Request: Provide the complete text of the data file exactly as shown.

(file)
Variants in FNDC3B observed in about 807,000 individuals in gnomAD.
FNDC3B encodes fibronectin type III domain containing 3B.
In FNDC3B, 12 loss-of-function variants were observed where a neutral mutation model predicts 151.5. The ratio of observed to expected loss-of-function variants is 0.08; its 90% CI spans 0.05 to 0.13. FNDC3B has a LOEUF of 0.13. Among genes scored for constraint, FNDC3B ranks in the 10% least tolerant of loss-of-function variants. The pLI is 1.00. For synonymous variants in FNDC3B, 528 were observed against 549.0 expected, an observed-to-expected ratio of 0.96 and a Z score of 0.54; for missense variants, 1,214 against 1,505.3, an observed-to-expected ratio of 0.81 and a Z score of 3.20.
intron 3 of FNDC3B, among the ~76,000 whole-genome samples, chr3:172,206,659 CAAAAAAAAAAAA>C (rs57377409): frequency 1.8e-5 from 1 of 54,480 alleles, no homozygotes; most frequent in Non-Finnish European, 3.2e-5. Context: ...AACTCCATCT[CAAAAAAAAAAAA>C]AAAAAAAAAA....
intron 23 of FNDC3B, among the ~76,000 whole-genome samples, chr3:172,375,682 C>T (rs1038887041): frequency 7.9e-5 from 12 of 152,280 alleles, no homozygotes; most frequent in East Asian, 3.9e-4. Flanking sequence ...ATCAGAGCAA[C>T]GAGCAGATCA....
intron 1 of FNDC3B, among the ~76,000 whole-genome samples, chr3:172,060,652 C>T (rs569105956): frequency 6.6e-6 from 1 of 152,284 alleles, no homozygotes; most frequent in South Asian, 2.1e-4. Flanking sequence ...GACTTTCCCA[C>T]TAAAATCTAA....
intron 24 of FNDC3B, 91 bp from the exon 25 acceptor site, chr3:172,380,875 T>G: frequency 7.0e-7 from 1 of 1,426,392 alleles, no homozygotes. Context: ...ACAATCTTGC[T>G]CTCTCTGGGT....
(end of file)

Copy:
Variants in FNDC3B observed in about 807,000 individuals in gnomAD.
FNDC3B encodes fibronectin type III domain containing 3B.
In FNDC3B, 12 loss-of-function variants were observed where a neutral mutation model predicts 151.5. The ratio of observed to expected loss-of-function variants is 0.08; its 90% CI spans 0.05 to 0.13. FNDC3B has a LOEUF of 0.13. Among genes scored for constraint, FNDC3B ranks in the 10% least tolerant of loss-of-function variants. The pLI is 1.00. For synonymous variants in FNDC3B, 528 were observed against 549.0 expected, an observed-to-expected ratio of 0.96 and a Z score of 0.54; for missense variants, 1,214 against 1,505.3, an observed-to-expected ratio of 0.81 and a Z score of 3.20.
intron 3 of FNDC3B, among the ~76,000 whole-genome samples, chr3:172,206,659 CAAAAAAAAAAAA>C (rs57377409): frequency 1.8e-5 from 1 of 54,480 alleles, no homozygotes; most frequent in Non-Finnish European, 3.2e-5. Context: ...AACTCCATCT[CAAAAAAAAAAAA>C]AAAAAAAAAA....
intron 23 of FNDC3B, among the ~76,000 whole-genome samples, chr3:172,375,682 C>T (rs1038887041): frequency 7.9e-5 from 12 of 152,280 alleles, no homozygotes; most frequent in East Asian, 3.9e-4. Flanking sequence ...ATCAGAGCAA[C>T]GAGCAGATCA....
intron 1 of FNDC3B, among the ~76,000 whole-genome samples, chr3:172,060,652 C>T (rs569105956): frequency 6.6e-6 from 1 of 152,284 alleles, no homozygotes; most frequent in South Asian, 2.1e-4. Flanking sequence ...GACTTTCCCA[C>T]TAAAATCTAA....
intron 24 of FNDC3B, 91 bp from the exon 25 acceptor site, chr3:172,380,875 T>G: frequency 7.0e-7 from 1 of 1,426,392 alleles, no homozygotes. Context: ...ACAATCTTGC[T>G]CTCTCTGGGT....